How often do you catch yourself looking at your phone? Ten times a day? Twenty times a day?
Researchers say every time we interact with digital media such as television, video games, social media, or other interactions through our phones, we are giving our brains little rewards, which has possibly contributed to higher rates of depression and anxiety.
“I would live for that buzz [from social media] and I was just angry,” said Will Baird, a high school teacher who kicked the social media habit about eight years ago. “I felt like I was always on one and I hated that feeling.”
Baird recognized the subconscious anxiety that social media and other forms of digital media can produce, because it interacts with our brains similarly to how addictive drugs interact with our brains.
According to Anna Lembke, a professor of Psychiatry and Addiction Medicine at Stanford University, when we interact with digital media, we give our brains little hits of dopamine, the neurotransmitter associated with mood, pleasure, reward, and decision-making. Every time one of those small surges occurs, our brains “downregulate,” or reduces the number of dopamine receptors that are stimulated to maintain balance.
Over time, enough of that downregulation can change our “set point” for feeling the rush dopamine provides, meaning we need more of it to feel the same, which is how addiction begins.
“Our brain essentially goes into a dopamine deficit state as a way to compensate for all those hits of dopamine,” said Lembke. “The process of getting addicted to any substance or behavior is an insidious process. It happens slowly and we’re often the last to be aware of it.”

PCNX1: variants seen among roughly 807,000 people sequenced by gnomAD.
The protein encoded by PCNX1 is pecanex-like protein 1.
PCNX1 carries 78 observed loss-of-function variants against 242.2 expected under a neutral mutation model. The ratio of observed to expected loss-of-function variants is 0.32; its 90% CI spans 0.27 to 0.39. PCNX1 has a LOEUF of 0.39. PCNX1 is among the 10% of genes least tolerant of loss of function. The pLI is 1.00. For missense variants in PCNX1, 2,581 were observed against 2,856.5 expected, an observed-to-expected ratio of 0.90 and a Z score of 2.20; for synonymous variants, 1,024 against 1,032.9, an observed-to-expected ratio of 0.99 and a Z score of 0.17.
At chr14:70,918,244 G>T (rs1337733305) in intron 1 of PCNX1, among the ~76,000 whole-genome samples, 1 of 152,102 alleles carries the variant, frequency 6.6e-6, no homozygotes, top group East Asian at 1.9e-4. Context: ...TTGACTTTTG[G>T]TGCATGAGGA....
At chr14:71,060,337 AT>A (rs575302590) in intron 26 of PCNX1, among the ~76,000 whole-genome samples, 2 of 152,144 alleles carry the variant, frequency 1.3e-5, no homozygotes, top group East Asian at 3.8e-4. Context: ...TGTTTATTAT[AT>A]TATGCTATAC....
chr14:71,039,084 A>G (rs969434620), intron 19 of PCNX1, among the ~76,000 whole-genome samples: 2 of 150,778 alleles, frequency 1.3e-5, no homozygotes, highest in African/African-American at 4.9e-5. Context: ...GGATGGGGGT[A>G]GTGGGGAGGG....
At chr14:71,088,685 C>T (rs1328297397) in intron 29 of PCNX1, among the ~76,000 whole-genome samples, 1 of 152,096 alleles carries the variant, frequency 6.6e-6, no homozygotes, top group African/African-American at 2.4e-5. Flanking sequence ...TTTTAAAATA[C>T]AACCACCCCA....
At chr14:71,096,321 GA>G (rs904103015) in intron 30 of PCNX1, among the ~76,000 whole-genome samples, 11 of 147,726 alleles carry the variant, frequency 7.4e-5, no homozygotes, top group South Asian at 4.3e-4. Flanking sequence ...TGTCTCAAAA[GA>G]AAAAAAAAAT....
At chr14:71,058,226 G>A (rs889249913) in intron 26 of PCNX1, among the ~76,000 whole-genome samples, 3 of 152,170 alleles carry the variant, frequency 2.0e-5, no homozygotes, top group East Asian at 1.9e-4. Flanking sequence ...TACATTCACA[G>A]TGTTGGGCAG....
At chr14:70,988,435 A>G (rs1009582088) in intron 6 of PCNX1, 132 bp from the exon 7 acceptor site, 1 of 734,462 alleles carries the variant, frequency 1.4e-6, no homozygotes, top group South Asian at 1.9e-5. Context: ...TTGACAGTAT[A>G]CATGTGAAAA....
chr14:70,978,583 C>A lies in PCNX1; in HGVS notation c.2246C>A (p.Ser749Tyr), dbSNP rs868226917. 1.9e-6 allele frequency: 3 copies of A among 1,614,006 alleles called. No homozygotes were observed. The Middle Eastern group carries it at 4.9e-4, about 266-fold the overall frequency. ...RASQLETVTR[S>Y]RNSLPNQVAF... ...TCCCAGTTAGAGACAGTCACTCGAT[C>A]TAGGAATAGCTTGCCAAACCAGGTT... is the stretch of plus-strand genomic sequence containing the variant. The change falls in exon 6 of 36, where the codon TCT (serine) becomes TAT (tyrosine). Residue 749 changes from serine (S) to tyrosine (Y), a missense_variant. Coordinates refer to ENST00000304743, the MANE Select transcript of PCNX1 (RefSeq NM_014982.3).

in 2018, the World Happiness Report showed Americans reported being less happy in 2018 than they were in 2008. It is not a direct correlation to the use of phones and other screens, but Lembke believes it has played a prominent role. She also believes the rising use of digital media has correlated with the rise in depression and anxiety globally. The Global Burden of Disease study found the number of new cases of depression worldwide increased 50% between 1990 and 2017, with some of the highest increases coming in North America.
“I remember [when I stopped using social media] vividly,” said Baird. “My best friend in high school died from a car accident. Me and his brother are arguing about Obama and politics, and I said I don’t want to be a part of this anymore. I’m literally angrily texting back at this guy on Facebook Messenger for what? And I just stopped that day.”
Lembke says if your media use is affecting your work, productivity, or social interactions, maybe it is time to take a look at how often you use it.
She says setting boundaries, and even abstaining from digital media for one day, can be beneficial and a good place to start.